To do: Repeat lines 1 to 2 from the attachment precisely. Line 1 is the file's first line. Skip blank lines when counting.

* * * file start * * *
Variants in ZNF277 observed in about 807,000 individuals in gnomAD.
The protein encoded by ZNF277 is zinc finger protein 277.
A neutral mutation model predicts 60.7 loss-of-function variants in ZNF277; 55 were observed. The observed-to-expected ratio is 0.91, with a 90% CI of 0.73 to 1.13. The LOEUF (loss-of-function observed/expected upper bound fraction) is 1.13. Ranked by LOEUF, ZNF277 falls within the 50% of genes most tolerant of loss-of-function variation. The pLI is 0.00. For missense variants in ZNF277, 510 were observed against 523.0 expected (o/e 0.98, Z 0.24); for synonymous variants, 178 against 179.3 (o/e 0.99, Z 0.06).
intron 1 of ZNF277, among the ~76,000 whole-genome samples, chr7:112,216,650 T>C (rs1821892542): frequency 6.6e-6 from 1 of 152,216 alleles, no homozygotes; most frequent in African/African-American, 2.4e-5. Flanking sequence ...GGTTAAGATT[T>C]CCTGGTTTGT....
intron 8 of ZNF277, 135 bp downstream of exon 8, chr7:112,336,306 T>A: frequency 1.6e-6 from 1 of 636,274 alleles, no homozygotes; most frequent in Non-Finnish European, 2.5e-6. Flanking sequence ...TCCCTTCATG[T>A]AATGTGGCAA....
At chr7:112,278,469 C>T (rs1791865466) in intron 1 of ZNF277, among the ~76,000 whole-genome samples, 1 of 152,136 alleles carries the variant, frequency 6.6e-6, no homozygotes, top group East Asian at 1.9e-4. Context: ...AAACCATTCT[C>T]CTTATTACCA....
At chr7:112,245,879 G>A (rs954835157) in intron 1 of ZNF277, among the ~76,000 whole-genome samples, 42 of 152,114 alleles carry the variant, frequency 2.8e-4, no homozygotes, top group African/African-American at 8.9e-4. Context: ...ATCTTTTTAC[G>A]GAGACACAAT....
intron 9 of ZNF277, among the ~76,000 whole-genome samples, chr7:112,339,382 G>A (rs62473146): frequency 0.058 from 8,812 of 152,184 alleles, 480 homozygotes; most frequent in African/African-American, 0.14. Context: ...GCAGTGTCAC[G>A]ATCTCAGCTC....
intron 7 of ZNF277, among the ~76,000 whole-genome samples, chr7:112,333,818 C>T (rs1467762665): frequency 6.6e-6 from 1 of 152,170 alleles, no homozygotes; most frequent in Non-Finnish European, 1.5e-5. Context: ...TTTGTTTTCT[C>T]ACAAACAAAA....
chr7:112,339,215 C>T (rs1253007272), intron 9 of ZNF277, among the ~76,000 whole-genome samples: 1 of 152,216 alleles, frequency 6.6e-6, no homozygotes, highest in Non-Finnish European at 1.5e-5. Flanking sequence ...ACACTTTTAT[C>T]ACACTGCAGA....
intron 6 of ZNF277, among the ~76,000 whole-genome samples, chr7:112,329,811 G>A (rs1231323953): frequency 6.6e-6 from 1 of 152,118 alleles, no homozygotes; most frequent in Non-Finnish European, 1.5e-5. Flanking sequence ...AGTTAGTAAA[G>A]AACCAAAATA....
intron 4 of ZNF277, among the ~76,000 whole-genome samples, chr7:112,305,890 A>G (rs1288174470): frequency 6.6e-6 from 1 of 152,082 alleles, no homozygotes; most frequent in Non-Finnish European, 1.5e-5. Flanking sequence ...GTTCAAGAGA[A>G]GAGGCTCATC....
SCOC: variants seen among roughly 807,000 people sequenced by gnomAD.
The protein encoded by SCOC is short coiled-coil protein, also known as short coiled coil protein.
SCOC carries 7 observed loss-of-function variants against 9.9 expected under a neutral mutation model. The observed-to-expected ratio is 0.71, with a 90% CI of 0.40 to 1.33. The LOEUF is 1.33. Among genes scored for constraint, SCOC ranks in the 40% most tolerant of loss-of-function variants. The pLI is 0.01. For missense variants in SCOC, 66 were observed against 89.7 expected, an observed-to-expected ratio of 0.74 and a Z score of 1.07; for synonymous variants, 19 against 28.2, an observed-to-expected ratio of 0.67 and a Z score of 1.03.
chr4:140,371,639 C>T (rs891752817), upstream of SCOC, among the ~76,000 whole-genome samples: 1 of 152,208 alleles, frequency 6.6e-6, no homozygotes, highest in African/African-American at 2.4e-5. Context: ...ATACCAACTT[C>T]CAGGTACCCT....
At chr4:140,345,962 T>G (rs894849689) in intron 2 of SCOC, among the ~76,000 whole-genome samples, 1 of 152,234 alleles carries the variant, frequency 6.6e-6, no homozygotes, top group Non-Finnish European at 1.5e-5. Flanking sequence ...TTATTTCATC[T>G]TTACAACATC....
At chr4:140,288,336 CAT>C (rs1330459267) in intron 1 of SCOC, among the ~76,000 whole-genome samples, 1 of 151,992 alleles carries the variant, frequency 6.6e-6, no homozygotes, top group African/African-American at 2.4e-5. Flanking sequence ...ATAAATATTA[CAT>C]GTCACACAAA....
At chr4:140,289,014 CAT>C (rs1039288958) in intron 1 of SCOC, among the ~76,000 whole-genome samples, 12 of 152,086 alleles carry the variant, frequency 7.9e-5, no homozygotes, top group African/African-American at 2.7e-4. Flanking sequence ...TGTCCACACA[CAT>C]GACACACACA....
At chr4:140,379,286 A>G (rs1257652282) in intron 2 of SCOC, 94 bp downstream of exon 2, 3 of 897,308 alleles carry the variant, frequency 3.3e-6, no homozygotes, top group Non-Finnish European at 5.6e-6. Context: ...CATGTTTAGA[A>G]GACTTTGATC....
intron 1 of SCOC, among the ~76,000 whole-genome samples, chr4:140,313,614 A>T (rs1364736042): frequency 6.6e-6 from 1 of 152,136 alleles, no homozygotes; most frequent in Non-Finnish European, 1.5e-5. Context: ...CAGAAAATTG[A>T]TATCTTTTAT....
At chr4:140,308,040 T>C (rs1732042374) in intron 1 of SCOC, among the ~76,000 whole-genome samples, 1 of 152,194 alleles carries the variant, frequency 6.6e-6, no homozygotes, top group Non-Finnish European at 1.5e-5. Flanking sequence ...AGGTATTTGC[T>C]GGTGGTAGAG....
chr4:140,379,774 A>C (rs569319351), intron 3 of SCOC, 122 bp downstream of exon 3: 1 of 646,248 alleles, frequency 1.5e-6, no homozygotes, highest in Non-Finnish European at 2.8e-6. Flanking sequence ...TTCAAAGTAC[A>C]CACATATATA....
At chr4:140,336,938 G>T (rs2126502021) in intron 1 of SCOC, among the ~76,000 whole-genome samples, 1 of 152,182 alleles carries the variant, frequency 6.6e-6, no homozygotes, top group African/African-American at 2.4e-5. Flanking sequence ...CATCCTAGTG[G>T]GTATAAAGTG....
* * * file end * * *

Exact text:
Variants in ZNF277 observed in about 807,000 individuals in gnomAD.
The protein encoded by ZNF277 is zinc finger protein 277.